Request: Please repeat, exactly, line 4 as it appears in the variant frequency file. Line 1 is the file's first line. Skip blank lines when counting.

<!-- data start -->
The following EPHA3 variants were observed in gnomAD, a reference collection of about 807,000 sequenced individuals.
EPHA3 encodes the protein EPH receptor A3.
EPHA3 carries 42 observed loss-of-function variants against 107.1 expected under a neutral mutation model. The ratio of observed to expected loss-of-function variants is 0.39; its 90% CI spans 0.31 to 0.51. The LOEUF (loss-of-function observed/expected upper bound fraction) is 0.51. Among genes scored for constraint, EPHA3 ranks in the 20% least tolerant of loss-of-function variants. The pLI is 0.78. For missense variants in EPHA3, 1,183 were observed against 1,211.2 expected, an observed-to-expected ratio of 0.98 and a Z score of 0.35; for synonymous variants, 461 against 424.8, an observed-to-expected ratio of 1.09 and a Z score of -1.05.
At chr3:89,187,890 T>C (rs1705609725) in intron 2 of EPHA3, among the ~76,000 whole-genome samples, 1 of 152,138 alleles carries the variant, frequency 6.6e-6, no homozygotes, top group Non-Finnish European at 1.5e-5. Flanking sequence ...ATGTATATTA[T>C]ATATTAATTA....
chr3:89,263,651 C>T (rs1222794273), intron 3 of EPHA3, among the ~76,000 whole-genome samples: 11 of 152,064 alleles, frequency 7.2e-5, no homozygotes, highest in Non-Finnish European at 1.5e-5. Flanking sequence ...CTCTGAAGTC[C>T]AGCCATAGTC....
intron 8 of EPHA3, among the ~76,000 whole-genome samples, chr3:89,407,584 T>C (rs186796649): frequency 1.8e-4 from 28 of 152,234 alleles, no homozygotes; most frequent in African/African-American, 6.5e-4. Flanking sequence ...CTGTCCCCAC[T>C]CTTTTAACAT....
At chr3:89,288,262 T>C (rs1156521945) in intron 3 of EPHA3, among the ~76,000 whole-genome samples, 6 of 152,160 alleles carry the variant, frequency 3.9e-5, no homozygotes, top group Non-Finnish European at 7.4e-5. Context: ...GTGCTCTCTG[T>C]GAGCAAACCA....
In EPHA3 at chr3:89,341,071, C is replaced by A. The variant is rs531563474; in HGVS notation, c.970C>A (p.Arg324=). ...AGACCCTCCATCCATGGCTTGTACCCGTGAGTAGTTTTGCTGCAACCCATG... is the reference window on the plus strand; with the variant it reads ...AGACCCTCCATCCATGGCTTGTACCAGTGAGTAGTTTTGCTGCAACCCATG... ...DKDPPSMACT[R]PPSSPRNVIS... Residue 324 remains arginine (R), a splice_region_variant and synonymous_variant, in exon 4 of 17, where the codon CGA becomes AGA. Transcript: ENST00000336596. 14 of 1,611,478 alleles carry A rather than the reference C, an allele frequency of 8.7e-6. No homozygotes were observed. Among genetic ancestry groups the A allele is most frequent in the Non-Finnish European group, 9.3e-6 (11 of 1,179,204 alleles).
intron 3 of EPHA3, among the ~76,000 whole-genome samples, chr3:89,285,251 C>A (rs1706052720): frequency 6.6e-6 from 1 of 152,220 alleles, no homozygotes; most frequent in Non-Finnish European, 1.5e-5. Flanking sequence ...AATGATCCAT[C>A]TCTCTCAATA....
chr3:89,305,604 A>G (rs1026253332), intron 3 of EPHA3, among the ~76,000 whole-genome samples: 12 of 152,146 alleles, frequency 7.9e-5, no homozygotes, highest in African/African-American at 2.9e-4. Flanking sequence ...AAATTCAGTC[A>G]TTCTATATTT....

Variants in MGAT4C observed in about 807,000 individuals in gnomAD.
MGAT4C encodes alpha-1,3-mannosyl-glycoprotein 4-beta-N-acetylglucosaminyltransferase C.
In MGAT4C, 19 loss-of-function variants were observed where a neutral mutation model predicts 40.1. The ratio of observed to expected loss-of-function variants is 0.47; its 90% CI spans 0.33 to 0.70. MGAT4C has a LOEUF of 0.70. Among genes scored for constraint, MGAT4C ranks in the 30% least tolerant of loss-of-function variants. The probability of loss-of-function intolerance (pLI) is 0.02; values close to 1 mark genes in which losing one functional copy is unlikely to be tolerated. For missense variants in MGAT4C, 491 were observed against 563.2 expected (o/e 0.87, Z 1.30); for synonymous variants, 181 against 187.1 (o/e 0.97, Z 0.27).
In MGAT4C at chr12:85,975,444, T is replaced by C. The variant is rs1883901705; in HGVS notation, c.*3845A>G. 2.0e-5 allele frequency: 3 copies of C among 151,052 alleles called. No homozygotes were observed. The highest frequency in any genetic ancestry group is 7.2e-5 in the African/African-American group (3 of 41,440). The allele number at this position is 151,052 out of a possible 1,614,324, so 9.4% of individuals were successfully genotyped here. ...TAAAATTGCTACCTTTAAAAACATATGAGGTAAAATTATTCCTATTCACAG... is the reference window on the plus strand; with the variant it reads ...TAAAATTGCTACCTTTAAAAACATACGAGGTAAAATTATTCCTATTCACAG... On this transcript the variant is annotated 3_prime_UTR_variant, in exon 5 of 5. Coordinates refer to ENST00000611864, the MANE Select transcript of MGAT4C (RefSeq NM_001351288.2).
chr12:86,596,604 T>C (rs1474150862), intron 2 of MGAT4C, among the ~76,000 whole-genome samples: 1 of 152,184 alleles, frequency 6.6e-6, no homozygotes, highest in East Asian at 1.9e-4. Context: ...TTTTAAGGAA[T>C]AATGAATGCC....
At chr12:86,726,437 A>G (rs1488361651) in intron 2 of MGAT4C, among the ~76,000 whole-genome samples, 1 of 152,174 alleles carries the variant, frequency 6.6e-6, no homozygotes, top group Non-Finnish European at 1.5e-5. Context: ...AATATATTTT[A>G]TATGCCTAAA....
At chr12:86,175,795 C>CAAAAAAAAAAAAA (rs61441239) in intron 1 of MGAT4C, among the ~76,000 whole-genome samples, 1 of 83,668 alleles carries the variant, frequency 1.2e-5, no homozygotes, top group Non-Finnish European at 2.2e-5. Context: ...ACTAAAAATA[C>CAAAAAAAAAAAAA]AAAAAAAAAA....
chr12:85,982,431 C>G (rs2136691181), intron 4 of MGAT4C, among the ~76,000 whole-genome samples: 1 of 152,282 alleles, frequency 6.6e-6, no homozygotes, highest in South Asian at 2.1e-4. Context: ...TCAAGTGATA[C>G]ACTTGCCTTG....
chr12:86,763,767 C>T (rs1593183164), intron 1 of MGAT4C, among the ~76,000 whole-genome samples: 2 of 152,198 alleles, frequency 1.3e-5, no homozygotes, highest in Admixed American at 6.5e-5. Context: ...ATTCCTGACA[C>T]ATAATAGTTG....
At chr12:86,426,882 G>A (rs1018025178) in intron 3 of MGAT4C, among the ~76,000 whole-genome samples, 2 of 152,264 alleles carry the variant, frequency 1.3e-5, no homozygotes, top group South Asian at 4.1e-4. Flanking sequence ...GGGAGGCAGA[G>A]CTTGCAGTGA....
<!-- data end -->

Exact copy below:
At chr3:89,187,890 T>C (rs1705609725) in intron 2 of EPHA3, among the ~76,000 whole-genome samples, 1 of 152,138 alleles carries the variant, frequency 6.6e-6, no homozygotes, top group Non-Finnish European at 1.5e-5. Flanking sequence ...ATGTATATTA[T>C]ATATTAATTA....